February 9, 2010

What's Cookin': Carbonara

I love pasta. Deep, passionate love. I would eat pasta every day if given the chance. And this recipe is one of my favorites. I got this from Rachel Ray's Classic 30-Minute Meals and have adjusted it to fit our family and budget. In the book she calls it "The only recipe you ever need." And I think I might have to agree with her. Incredibly easy and tasty, it's a good meal for special nights but quick enough for hurried ones.

Carbonara - makes 4 - 6 servings
1 lb rigatoni or penne pasta - .89
1/4 C olive oil - .66
1/4 lb bacon (3-4 slices) - .62
1 tsp garlic powder - .03
1 tsp red pepper flakes - .06
1/2 C dry white wine - 3.20
2 egg yolks - .28
1 C grated Parmesan cheese (the stuff from a block) -  .88
Salt and pepper to taste

Bring a large pot of water to a boil and salt well. Cook pasta until done. Meanwhile add olive oil and bacon in large skillet and cook until just crispy. I know, it looks like a lot of grease and fat, but trust me. You need this for the sauce foundation. When the bacon is just about done add the garlic powder and red pepper flakes. Pour in the white wine and scrap up all the "tasty bits". Let reduce a little bit. Beat egg yolks in a separate bowl. Add about a 1/4 cup of the pasta cooking water to the egg yolks to temper them. This is important - if you dump the egg yolks straight onto the pasta they will just cook as a scramble and you'll have chunks of egg yolk.

Drain pasta and return to pot. Pour bacon & wine mix over pasta and stir. Pour egg yolks in, add Parmesan and stir to coat everything. Salt & pepper to taste.

Total: 6.62

Notes & Variations: The original recipe calls for Pancetta, but I chose bacon for availability and price. Make sure you pick a wine that you like. It's an important flavor in this dish and that flavor will concentrate with cooking. I like Robert Mondavi Chardonnay. Use it in everything that calls for wine. It's not the cheapest at $20 a bottle, but it is a cheaper one and good for the price. Plus we don't drink it, just use it for cooking so it lasts longer. For the love of sheep, please don't use anything that says "Cooking wine". I've found them to be very salty and not very good tasting.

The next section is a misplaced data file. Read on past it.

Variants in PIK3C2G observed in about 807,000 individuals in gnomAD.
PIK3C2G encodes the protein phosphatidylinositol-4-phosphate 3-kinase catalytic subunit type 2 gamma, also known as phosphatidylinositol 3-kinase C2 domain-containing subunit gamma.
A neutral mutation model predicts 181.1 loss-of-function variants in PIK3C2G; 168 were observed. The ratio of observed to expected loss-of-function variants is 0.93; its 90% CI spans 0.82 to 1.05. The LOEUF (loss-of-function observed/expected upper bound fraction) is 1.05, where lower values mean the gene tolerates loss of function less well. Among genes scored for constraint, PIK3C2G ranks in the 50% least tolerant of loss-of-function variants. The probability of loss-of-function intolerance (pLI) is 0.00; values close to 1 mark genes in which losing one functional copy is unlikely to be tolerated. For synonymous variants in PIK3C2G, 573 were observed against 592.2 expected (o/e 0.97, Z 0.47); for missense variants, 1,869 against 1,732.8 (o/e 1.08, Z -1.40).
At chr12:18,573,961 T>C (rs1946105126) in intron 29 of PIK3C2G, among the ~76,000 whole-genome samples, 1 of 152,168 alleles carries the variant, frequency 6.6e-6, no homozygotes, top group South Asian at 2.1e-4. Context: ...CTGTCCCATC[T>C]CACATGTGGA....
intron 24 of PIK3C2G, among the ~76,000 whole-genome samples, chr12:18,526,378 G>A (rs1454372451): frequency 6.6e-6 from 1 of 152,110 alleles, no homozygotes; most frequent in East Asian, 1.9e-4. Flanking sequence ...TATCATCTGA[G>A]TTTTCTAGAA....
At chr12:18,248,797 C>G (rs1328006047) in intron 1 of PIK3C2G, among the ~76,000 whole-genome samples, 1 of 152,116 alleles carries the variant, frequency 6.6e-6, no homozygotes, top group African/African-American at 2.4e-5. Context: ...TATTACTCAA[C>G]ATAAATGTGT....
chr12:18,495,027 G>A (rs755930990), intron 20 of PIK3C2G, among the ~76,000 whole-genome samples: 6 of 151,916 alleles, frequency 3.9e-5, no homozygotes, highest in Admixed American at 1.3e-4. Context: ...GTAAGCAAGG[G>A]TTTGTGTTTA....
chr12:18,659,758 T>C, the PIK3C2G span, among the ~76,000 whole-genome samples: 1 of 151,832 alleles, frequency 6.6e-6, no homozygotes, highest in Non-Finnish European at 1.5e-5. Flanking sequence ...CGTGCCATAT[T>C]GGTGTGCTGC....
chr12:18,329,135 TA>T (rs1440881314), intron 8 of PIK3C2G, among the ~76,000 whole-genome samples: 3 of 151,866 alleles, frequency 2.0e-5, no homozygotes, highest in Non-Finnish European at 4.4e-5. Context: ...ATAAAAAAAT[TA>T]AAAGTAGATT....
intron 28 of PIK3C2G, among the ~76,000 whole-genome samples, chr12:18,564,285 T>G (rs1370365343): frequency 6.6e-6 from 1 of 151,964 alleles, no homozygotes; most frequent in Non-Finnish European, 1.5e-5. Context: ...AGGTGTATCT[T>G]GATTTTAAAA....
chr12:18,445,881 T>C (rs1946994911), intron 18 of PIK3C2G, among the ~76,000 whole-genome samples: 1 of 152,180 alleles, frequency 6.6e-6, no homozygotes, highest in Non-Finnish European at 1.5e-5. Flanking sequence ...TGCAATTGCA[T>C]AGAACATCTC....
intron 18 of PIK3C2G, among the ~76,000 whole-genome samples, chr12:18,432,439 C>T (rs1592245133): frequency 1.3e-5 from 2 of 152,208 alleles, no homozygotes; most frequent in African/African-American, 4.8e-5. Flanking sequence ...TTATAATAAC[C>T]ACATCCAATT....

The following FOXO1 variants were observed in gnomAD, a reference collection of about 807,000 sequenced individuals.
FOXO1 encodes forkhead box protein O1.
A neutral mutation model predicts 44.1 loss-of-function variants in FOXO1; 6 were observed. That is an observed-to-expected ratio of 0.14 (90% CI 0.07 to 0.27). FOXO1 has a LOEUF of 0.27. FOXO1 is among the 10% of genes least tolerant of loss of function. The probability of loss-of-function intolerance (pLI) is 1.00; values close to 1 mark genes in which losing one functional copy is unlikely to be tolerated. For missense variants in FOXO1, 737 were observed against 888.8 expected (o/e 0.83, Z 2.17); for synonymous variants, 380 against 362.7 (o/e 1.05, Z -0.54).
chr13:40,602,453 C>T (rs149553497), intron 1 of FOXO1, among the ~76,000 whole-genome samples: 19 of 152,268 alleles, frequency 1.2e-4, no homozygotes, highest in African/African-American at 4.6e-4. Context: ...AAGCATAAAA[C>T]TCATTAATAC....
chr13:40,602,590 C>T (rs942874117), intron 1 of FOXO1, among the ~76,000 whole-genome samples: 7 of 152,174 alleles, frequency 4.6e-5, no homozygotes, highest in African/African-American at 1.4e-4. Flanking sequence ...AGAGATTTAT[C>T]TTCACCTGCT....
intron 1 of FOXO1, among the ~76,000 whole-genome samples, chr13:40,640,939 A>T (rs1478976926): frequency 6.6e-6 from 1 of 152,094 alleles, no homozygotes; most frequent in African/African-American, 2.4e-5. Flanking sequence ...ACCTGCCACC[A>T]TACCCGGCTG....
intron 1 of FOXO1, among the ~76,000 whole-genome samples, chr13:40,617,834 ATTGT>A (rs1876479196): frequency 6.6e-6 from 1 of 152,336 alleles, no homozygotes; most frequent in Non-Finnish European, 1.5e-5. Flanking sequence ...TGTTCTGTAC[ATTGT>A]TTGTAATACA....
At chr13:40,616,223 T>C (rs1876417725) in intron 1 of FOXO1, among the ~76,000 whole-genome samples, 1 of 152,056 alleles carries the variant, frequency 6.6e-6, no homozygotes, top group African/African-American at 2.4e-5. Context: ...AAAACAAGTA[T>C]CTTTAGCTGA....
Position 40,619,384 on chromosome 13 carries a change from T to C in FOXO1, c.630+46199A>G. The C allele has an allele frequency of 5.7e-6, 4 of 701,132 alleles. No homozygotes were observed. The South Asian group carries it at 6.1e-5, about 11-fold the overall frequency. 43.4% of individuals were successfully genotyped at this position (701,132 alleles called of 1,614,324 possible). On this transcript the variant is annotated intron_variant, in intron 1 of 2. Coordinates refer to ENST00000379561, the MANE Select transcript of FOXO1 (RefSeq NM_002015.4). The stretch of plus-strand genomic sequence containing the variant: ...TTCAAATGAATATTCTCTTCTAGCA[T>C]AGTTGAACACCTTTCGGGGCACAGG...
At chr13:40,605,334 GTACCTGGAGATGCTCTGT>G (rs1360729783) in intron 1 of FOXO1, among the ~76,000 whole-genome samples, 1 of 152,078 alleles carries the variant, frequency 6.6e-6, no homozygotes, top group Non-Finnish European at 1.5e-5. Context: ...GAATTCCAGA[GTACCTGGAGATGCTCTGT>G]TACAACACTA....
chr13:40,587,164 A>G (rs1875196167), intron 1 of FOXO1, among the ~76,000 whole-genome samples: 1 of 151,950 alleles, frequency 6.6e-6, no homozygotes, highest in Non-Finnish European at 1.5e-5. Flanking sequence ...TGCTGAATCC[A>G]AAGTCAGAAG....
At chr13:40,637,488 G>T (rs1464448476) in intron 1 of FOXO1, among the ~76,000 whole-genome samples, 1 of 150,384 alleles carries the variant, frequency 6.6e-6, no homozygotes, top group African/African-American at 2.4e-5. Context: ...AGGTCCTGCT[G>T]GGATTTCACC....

If I had fresh garlic I would use that. 1 or 2 cloves should do, depending on how much you like garlic. You can also adjust the heat by adding more or less red pepper. I wound up using parm from a can last night because I realized half way through that I didn't have a chunk in the fridge. It really changed the taste. I would highly suggest using freshly shredded Parmesan if you can swing it. It was OK with the green can stuff though so if price is a factor then just use that.

Ben rating: 4. Whenever I tell Ben we're having Carbonara for dinner I get an "Ooooh. Good." out of him. I think it's the bacon. ;)


NetRaptor said...

Ooo, that sounds good. I need to invest in some cooking wine. Or, wine for cooking. :-)

Farm Girl said...

OR on a really bad day, just take a nip to even the day out. :)
It looks wonderful too.

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